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Ask Lisi: Three choices in neighbour squabble over hedge

Remaining in a stalemate with your neighbour is the least tasteful choice.
Advice columnist Lisi Tesher.

Dear Lisi: We’re in the middle of a neighbour squabble and it’s ugly. In short, we share a hedge. Part of the hedge has died and our privacy is now gone between the two homes in that area. We were happy to share the cost of a replacement hedge until they accused us of killing the hedge when we patched our walkway.

We think they killed the hedge when their now-deceased dog used to chew it until he made a space big enough to push through. He was cute and we didn’t mind that he used to come over through the hedge, but we’re sure he’s the culprit.

So now we’re in a stalemate, with no end in sight, and a massive space where we can see them and they us. It’s very uncomfortable. And now their grandson has become friends with our son — we didn’t realize the family connection — and the boys run back and forth between houses.

How do we patch up this issue?

Hedging our bets

As far as I see it, you have three choices: The least tasteful would be to remain in stalemate. Another would be to get a quote on a replacement hedge, bring it to them, agree to disagree on whose fault it is, share the cost and move forward peacefully. The third option would be to purchase a few large pots and fill them with plants, flowers, ferns, etc., and use them to fill the gap. The kids would still have space to cross lawns, but you’d regain some privacy.

Dear Lisi: I’m a 22-year-old girl, in university, working on the second part of my degree. One of my closest friends just graduated, as did many more. There were lots of fun celebrations last month.

Yesterday, this close friend called me and before I even said hello, she started yelling. I had no idea why she was practically hysterical.

Finally, I realized that she was angry with me for not attending a party she had thrown the night before. She was correct that I didn’t attend…. because I never received an invitation! I didn’t know about the party and no one told me.

It was exclusive with a closed guest list, so none of my friends called to see if I was going. I was still in school so wasn’t even in the same city as my friend and the party, which is why I didn’t even hear gossip about it. My friend was screaming at me that I’m a terrible friend, and how could I miss her event, and I didn’t even have the decency to RSVP.

When I heard that, I managed to interrupt her and ask, “Why didn’t you call me when you noticed I hadn’t RSVP’d?” She hung up. Now I’m not sure what to do. Is the onus on me to call back?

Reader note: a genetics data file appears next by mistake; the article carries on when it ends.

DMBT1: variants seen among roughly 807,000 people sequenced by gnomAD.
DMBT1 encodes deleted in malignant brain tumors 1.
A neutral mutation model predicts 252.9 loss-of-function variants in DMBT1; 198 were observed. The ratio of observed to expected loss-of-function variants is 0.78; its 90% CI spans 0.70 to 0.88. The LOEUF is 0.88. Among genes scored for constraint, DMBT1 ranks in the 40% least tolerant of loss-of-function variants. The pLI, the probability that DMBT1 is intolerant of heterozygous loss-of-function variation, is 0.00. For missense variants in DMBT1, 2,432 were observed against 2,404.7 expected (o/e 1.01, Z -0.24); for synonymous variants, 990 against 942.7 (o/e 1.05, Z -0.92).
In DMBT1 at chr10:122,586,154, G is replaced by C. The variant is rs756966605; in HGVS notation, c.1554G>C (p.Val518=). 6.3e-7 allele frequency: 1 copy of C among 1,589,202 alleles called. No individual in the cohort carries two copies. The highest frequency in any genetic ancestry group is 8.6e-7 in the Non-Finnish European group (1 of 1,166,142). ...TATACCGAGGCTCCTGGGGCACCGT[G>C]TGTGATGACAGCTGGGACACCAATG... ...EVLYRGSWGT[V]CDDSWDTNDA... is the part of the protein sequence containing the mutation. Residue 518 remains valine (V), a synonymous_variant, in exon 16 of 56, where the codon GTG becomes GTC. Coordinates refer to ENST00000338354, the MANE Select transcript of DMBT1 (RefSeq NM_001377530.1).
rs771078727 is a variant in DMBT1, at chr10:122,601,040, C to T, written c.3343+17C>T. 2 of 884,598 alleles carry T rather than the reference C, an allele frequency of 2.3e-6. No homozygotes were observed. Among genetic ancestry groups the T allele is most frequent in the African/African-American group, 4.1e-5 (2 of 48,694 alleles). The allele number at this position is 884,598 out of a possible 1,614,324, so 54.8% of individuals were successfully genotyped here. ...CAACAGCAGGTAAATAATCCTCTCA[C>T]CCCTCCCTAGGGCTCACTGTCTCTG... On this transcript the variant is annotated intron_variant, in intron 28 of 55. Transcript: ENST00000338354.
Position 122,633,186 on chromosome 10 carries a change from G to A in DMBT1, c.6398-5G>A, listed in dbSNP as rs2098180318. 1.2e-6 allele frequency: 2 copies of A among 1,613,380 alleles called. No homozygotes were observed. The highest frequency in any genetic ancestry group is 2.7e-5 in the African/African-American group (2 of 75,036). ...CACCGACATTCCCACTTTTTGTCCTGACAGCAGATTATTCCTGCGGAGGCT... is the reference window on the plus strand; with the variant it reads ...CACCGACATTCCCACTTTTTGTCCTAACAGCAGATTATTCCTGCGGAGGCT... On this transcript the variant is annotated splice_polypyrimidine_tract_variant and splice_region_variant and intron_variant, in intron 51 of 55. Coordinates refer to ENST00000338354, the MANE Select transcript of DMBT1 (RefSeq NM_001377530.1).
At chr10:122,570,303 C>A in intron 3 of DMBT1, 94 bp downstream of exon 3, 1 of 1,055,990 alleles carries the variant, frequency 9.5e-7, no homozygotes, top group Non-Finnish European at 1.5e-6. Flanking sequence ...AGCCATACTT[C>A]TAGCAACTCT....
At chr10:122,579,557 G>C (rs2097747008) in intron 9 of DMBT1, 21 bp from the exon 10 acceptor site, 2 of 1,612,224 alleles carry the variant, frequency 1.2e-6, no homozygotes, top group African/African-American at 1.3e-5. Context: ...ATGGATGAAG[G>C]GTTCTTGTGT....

Tag, you’re it!

Take a breath. Let your friend simmer down. When you think the air is clear, reach out in any manner you think she will best respond. Tell her you are actually devastated that you missed the party. That had you known about it, you would have been there 100 per cent.

Find out if the invitation was mailed, emailed, texted, Snapped, whatever — just to figure out why you didn’t receive it. But the end result doesn’t change. You missed out on a great party and the chance to celebrate your friend. She missed out on having you by her side.

It’s a lesson to both of you that snail mail and technology aren’t always reliable. So, in future, if someone doesn’t respond, or reply, speak to them directly. It’s better to make the effort than to be hurt unnecessarily.

FEEDBACK Regarding the social media “friend” who’s thoughtless (May 2):

Reader — “I enjoy reading both your advice and your mom’s. I have been reading her column for many years.

“There is a way of not seeing someone’s Facebook posts without unfriending them. I have a family member who constantly shares right wing and conspiracy theory nonsense, which I find both upsetting and extremely annoying. I no longer see any of his posts but can put his name into my Facebook search if I ever feel the need to see what he is up to.

“Maybe the lady who doesn’t want to see her friend’s tanning pictures could do that. I Googled how to do it so the person doesn’t feel slighted by being 'unfriended' and you don’t have to suffer their constant posts.”

Lisi — Thanks for the tip. It wasn’t clear where the friend was posting but this is helpful.

Ellie Tesher and Lisi Tesher are advice columnists for the Star and based in Toronto. Send your relationship questions via email: or

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